Founders Forum team meetings : final touches to the events later in the week, when we will have over 500 attendees spread across 3 days of activities from all over the world.

Founders Factory possible first signing. This is the new incubator/accelerator that I will Exec Chair . It aims to be lynchpin for the next wave of disruptive startups to come to and from London. It will be backed by multiple corporates across up to six sectors and has already attracted extraordinary talent (Henry Lane Fox: , Jim Meyerle ( . We were due to sign earlier but many details kept hitting us. The last potential deal blocker was the Governing body of Eton as we were play a significant role in the Joint Venture that MacMillan had been working on with them. I was delighted that having been a strong proponent of soft power of British education brands the Fellows of Eton approved the final structure for the EtonX business over the weekend. One of Founders Factory’s first businesses will now ironically be taking the Eton brand to bring online leadership training to Chinese students. This was my alma mater and I resigned from the governing body recently to ensure there was no appearance of any conflict.

Seating plans for Wednesday dinner for 360 at US Ambassadors… much of the weekend was spent on this and many more hours until 1530 on the day dealing with the incredibly frustrating lastminute cancellations.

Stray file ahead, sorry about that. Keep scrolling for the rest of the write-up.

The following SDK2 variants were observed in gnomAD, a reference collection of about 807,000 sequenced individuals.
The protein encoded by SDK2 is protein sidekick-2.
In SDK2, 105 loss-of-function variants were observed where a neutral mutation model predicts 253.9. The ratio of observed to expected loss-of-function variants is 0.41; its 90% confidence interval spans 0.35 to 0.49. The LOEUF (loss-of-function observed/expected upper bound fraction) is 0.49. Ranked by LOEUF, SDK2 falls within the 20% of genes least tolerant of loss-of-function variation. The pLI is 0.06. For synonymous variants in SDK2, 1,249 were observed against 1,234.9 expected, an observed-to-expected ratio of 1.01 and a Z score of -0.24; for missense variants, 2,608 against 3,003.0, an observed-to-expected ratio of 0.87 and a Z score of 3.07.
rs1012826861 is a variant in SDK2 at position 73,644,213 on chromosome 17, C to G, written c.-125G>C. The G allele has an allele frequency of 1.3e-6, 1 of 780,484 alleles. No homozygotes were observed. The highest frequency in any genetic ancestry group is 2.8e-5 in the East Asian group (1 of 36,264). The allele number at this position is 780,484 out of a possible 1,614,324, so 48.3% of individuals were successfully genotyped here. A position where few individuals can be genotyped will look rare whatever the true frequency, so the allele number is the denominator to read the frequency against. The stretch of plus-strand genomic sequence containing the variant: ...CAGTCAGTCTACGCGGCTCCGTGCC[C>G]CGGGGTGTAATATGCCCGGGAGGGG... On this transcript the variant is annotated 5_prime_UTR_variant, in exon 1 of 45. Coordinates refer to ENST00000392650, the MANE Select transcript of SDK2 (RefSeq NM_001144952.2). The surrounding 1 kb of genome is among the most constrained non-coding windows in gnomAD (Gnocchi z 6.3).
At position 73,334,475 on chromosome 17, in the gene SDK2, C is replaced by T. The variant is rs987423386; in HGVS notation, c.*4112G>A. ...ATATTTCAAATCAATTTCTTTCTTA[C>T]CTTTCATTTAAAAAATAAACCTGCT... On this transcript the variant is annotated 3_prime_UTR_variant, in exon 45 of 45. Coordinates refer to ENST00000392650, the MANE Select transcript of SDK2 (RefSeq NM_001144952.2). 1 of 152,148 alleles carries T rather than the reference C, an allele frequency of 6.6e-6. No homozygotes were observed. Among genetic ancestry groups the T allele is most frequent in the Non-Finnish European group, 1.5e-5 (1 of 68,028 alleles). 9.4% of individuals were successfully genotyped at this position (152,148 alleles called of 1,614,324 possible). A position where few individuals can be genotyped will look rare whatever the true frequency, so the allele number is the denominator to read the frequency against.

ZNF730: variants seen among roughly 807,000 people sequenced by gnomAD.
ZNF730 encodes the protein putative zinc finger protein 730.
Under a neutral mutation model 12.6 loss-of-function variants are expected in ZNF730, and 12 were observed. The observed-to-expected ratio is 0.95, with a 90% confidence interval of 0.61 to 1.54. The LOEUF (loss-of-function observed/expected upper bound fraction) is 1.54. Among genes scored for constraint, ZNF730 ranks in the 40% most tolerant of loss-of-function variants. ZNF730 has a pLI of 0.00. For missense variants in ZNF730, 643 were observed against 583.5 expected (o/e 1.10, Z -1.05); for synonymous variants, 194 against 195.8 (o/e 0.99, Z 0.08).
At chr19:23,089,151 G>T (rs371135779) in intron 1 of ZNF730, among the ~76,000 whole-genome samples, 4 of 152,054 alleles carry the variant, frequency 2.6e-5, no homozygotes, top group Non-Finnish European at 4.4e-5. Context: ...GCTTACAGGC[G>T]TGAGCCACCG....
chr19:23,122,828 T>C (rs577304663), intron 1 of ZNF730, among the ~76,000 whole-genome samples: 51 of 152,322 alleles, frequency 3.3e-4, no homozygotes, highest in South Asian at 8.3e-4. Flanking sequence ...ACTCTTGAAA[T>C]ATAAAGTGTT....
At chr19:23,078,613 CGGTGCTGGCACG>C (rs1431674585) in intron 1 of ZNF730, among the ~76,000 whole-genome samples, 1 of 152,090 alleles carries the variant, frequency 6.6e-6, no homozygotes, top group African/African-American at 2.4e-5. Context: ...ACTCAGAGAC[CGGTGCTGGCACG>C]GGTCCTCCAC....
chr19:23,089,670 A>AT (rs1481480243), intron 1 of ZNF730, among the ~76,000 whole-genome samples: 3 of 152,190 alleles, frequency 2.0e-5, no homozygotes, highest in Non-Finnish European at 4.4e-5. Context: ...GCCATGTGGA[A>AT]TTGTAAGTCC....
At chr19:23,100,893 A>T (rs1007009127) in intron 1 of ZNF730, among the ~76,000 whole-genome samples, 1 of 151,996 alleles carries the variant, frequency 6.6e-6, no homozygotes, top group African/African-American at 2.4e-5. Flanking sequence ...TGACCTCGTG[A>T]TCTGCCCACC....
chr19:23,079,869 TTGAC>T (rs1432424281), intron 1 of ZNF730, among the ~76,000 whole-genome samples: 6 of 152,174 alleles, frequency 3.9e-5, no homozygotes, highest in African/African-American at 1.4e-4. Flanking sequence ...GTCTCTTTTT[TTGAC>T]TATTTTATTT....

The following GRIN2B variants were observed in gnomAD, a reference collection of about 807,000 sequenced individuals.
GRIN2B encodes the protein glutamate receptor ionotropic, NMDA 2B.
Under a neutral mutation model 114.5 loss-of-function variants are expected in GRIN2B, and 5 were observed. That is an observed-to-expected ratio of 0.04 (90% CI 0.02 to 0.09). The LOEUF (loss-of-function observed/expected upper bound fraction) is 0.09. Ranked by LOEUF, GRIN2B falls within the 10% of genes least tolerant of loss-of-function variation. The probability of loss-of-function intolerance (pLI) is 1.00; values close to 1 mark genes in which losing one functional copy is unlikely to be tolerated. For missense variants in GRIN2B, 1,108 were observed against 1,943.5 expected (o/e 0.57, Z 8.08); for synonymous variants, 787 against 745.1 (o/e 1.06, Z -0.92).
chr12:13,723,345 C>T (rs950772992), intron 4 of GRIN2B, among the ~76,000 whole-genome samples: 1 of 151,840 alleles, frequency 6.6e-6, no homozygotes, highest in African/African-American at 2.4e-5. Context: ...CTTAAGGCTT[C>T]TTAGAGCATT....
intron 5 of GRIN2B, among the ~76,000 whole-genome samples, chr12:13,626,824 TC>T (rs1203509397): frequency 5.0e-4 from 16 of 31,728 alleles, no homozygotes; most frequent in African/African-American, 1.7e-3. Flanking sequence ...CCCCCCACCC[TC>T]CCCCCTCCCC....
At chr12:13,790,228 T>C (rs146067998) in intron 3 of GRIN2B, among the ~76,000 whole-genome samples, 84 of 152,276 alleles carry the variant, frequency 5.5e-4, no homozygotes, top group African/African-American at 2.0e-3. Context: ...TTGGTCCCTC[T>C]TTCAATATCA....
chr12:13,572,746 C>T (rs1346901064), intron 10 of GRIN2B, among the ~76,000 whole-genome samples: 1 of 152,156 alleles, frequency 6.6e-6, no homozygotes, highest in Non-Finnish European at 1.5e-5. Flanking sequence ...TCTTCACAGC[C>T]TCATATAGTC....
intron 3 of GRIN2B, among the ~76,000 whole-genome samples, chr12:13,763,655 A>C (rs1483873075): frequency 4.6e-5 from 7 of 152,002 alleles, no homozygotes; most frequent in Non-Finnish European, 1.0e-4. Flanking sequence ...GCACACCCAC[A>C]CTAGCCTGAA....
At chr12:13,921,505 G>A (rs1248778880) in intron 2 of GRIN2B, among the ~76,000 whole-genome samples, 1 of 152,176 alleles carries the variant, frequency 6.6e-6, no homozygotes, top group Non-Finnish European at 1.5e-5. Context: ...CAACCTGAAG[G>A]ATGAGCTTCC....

Number 10 Downing Street. It always feels tacky to mention meetings DS meetings. But this was a relevant start to the week. The Prime Minister and Chancellor hosted a group of business leaders, to thank them for sharing a pro enterprise/pro business view during the last tumultuous months. My EA, Bella Jupp and I had pulled together (pre election) well over 90 tech entrepreneurs to sign a letter of support for the work the Conservative led coalition had done for the tech sector. This was a chance to see many of those who had stuck their heads above the parapet and many of the top corporate CEOs, and SMEs who had similarly felt it was critical to speak up against the anti business rhetoric during the election. There was a large mix of tech entrepreneurs many women, and immigrants like myself who were passionate about the future of UK tech. The Prime Minister was asked a lot about Europe of course, and even about his own forays into coding. The Chancellor remarked upon how several attendees had told him their suggestions for tech policies had been listened to and acted upon. Again a theme for the week that the open door between government and entrepreneurs would continue over the next 5 years.

The FT publish that Europe has produced 13 startups with $1 billion value in last 8 months

June 16th : Tuesday

Tidy up my LinkedIn profile. A few new roles to add. Working on simplifying what I do know but still confusing to many people… Focussing on Founders Factory and the new fund.

In the papers which I chair and helped found announces its focus on expanding into Germany. is rumoured to be doing a significant fundraising round.